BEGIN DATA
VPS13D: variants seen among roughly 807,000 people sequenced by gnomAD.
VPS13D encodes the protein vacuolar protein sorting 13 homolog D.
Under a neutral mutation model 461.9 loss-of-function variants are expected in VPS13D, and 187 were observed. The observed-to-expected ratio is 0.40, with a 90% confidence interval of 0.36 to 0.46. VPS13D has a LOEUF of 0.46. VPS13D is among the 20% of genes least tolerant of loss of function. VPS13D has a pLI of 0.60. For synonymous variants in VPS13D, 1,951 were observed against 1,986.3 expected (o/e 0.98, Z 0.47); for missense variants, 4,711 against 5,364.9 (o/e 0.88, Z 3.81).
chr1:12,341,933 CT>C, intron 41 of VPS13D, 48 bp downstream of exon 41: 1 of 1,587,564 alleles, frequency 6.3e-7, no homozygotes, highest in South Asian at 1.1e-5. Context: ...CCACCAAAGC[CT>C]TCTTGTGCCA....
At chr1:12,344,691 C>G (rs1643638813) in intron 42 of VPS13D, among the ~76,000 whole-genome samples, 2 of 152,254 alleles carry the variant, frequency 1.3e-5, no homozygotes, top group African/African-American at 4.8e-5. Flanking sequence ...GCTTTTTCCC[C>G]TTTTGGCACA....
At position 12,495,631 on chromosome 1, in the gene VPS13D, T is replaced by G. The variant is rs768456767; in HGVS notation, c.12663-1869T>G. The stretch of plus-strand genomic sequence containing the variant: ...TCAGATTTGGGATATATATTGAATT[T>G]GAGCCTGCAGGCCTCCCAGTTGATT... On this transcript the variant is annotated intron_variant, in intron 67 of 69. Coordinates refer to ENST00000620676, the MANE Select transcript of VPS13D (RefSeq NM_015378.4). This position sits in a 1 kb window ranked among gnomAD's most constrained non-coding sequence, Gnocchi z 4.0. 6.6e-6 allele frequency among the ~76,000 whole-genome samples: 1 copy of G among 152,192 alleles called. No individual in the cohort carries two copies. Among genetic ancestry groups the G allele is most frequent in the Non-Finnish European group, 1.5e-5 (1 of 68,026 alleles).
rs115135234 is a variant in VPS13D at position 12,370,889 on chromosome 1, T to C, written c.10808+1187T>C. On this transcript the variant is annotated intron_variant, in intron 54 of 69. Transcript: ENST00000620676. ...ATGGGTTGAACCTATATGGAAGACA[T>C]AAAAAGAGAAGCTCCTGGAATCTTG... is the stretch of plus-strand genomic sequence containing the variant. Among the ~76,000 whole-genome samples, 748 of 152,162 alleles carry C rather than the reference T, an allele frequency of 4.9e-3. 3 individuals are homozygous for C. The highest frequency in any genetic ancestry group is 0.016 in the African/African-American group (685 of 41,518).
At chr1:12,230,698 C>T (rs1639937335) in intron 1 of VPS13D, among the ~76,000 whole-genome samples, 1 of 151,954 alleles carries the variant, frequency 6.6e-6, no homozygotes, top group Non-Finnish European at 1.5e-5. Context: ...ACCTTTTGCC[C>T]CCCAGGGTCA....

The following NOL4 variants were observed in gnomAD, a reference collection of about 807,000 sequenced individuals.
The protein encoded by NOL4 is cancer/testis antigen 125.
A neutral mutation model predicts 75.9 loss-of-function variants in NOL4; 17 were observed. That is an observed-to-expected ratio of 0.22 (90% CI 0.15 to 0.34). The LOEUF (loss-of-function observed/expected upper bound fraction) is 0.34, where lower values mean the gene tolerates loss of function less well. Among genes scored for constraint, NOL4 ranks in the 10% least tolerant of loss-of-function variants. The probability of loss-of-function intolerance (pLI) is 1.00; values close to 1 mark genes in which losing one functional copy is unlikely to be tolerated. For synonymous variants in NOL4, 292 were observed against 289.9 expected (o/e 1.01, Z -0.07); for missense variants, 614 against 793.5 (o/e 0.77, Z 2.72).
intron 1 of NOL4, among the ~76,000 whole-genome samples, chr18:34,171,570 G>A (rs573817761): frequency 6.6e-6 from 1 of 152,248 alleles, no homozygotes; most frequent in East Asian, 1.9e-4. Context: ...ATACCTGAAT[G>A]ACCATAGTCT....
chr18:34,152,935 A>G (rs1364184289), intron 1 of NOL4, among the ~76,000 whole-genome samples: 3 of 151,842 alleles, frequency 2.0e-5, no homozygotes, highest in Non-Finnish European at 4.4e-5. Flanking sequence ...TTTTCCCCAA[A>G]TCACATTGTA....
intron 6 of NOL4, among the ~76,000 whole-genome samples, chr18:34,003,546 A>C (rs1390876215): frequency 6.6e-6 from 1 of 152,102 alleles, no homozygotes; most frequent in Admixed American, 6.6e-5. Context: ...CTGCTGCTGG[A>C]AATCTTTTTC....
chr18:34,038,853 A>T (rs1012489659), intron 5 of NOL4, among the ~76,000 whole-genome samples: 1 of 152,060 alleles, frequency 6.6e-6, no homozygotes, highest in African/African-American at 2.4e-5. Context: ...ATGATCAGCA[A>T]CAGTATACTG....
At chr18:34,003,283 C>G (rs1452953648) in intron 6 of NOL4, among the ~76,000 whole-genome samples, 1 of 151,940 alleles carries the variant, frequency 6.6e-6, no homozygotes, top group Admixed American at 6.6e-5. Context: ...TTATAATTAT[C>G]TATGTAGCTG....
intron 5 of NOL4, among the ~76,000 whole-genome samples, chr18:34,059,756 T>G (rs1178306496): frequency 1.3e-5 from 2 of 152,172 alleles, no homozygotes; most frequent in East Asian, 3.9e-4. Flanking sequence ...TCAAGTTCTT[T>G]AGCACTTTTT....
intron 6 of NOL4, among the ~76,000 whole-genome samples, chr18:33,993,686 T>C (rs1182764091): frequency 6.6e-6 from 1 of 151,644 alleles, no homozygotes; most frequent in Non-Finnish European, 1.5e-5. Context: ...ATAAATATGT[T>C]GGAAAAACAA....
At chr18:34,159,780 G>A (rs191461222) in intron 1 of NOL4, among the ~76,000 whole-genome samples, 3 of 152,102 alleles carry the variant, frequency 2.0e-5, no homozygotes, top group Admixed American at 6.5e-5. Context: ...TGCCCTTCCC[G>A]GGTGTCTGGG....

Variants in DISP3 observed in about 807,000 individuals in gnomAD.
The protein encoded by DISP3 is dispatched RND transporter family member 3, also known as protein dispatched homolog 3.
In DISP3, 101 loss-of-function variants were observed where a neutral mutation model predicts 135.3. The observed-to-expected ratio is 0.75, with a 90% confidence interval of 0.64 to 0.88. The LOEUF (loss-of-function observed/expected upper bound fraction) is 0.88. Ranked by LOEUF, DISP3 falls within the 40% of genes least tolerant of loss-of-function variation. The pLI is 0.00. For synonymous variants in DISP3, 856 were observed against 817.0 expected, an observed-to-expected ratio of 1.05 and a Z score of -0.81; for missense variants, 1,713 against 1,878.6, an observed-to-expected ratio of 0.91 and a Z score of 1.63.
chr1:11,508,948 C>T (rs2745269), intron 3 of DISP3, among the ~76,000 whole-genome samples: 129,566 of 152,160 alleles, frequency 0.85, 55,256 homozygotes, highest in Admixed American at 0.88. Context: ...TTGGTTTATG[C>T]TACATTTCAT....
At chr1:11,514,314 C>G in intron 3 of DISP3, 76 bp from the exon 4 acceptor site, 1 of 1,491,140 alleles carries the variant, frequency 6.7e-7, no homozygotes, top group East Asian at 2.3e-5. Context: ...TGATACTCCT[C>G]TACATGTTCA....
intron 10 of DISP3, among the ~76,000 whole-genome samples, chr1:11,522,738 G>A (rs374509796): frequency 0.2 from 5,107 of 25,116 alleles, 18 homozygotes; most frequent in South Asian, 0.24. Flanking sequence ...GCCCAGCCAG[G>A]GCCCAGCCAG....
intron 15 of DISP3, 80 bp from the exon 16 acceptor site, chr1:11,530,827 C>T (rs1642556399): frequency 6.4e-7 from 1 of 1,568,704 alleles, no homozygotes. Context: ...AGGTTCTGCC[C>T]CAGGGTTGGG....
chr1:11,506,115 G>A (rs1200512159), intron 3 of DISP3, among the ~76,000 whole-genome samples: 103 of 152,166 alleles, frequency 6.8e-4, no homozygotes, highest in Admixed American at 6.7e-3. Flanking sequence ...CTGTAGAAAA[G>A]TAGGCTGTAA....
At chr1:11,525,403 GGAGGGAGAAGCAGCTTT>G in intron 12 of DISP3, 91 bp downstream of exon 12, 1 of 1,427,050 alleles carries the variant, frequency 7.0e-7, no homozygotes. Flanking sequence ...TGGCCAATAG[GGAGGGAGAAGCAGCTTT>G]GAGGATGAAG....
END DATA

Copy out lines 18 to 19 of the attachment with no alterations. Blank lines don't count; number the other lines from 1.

intron 6 of NOL4, among the ~76,000 whole-genome samples, chr18:33,993,686 T>C (rs1182764091): frequency 6.6e-6 from 1 of 151,644 alleles, no homozygotes; most frequent in Non-Finnish European, 1.5e-5. Context: ...ATAAATATGT[T>C]GGAAAAACAA....
At chr18:34,159,780 G>A (rs191461222) in intron 1 of NOL4, among the ~76,000 whole-genome samples, 3 of 152,102 alleles carry the variant, frequency 2.0e-5, no homozygotes, top group Admixed American at 6.5e-5. Context: ...TGCCCTTCCC[G>A]GGTGTCTGGG....